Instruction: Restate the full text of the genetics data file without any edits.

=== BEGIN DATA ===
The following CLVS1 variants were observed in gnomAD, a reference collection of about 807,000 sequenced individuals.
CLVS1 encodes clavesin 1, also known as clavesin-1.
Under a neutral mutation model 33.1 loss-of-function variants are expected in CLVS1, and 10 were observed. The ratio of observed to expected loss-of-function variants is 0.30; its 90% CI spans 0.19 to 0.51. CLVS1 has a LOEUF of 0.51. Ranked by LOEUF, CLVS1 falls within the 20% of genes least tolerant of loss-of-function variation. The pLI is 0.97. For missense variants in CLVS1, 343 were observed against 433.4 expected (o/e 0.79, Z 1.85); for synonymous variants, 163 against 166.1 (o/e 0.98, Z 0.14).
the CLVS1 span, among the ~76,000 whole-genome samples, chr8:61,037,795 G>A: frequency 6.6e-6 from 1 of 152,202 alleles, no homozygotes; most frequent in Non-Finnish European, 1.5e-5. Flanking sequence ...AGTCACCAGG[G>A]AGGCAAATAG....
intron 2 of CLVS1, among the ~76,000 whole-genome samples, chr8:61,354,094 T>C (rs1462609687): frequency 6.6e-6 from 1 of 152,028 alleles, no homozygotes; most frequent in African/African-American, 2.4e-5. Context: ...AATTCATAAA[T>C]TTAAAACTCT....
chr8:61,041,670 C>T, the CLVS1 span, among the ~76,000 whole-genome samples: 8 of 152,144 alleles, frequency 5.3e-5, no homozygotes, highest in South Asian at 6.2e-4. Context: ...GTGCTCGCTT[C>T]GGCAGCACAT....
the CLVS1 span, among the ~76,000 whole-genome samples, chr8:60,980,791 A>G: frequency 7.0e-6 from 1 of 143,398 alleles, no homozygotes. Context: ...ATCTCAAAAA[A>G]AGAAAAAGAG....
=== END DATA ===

The following CLVS1 variants were observed in gnomAD, a reference collection of about 807,000 sequenced individuals.
CLVS1 encodes clavesin 1, also known as clavesin-1.
Under a neutral mutation model 33.1 loss-of-function variants are expected in CLVS1, and 10 were observed. The ratio of observed to expected loss-of-function variants is 0.30; its 90% CI spans 0.19 to 0.51. CLVS1 has a LOEUF of 0.51. Ranked by LOEUF, CLVS1 falls within the 20% of genes least tolerant of loss-of-function variation. The pLI is 0.97. For missense variants in CLVS1, 343 were observed against 433.4 expected (o/e 0.79, Z 1.85); for synonymous variants, 163 against 166.1 (o/e 0.98, Z 0.14).
the CLVS1 span, among the ~76,000 whole-genome samples, chr8:61,037,795 G>A: frequency 6.6e-6 from 1 of 152,202 alleles, no homozygotes; most frequent in Non-Finnish European, 1.5e-5. Flanking sequence ...AGTCACCAGG[G>A]AGGCAAATAG....
intron 2 of CLVS1, among the ~76,000 whole-genome samples, chr8:61,354,094 T>C (rs1462609687): frequency 6.6e-6 from 1 of 152,028 alleles, no homozygotes; most frequent in African/African-American, 2.4e-5. Context: ...AATTCATAAA[T>C]TTAAAACTCT....
chr8:61,041,670 C>T, the CLVS1 span, among the ~76,000 whole-genome samples: 8 of 152,144 alleles, frequency 5.3e-5, no homozygotes, highest in South Asian at 6.2e-4. Context: ...GTGCTCGCTT[C>T]GGCAGCACAT....
the CLVS1 span, among the ~76,000 whole-genome samples, chr8:60,980,791 A>G: frequency 7.0e-6 from 1 of 143,398 alleles, no homozygotes. Context: ...ATCTCAAAAA[A>G]AGAAAAAGAG....